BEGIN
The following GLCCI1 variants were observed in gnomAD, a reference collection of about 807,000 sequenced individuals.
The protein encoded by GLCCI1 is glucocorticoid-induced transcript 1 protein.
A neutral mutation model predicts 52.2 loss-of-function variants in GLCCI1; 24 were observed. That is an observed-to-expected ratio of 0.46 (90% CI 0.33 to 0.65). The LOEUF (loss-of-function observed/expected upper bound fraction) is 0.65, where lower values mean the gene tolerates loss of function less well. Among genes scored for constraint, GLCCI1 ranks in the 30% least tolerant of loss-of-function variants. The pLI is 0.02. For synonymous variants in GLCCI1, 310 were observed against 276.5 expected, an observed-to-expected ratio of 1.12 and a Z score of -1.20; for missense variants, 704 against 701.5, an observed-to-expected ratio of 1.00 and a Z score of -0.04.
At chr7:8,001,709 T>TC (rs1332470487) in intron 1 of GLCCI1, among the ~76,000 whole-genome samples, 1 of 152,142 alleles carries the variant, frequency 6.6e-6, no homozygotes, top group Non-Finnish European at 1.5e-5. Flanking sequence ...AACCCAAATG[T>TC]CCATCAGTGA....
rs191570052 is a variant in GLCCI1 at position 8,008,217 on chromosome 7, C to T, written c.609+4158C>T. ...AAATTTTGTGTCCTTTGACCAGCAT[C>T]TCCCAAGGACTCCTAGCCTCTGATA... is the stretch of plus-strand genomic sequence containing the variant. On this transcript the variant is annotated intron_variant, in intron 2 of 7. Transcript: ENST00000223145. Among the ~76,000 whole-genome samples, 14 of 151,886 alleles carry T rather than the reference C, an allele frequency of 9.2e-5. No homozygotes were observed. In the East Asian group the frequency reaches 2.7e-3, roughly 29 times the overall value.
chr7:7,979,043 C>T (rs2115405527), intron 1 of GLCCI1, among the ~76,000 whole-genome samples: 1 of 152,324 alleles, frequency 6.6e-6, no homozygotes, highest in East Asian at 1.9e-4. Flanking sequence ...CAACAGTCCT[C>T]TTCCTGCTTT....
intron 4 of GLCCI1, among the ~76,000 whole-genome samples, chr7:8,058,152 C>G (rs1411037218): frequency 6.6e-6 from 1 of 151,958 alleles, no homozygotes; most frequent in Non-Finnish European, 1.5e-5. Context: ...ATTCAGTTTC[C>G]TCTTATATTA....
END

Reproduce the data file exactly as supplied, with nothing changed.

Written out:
The following GLCCI1 variants were observed in gnomAD, a reference collection of about 807,000 sequenced individuals.
The protein encoded by GLCCI1 is glucocorticoid-induced transcript 1 protein.
A neutral mutation model predicts 52.2 loss-of-function variants in GLCCI1; 24 were observed. That is an observed-to-expected ratio of 0.46 (90% CI 0.33 to 0.65). The LOEUF (loss-of-function observed/expected upper bound fraction) is 0.65, where lower values mean the gene tolerates loss of function less well. Among genes scored for constraint, GLCCI1 ranks in the 30% least tolerant of loss-of-function variants. The pLI is 0.02. For synonymous variants in GLCCI1, 310 were observed against 276.5 expected, an observed-to-expected ratio of 1.12 and a Z score of -1.20; for missense variants, 704 against 701.5, an observed-to-expected ratio of 1.00 and a Z score of -0.04.
At chr7:8,001,709 T>TC (rs1332470487) in intron 1 of GLCCI1, among the ~76,000 whole-genome samples, 1 of 152,142 alleles carries the variant, frequency 6.6e-6, no homozygotes, top group Non-Finnish European at 1.5e-5. Flanking sequence ...AACCCAAATG[T>TC]CCATCAGTGA....
rs191570052 is a variant in GLCCI1 at position 8,008,217 on chromosome 7, C to T, written c.609+4158C>T. ...AAATTTTGTGTCCTTTGACCAGCAT[C>T]TCCCAAGGACTCCTAGCCTCTGATA... is the stretch of plus-strand genomic sequence containing the variant. On this transcript the variant is annotated intron_variant, in intron 2 of 7. Transcript: ENST00000223145. Among the ~76,000 whole-genome samples, 14 of 151,886 alleles carry T rather than the reference C, an allele frequency of 9.2e-5. No homozygotes were observed. In the East Asian group the frequency reaches 2.7e-3, roughly 29 times the overall value.
chr7:7,979,043 C>T (rs2115405527), intron 1 of GLCCI1, among the ~76,000 whole-genome samples: 1 of 152,324 alleles, frequency 6.6e-6, no homozygotes, highest in East Asian at 1.9e-4. Flanking sequence ...CAACAGTCCT[C>T]TTCCTGCTTT....
intron 4 of GLCCI1, among the ~76,000 whole-genome samples, chr7:8,058,152 C>G (rs1411037218): frequency 6.6e-6 from 1 of 151,958 alleles, no homozygotes; most frequent in Non-Finnish European, 1.5e-5. Context: ...ATTCAGTTTC[C>G]TCTTATATTA....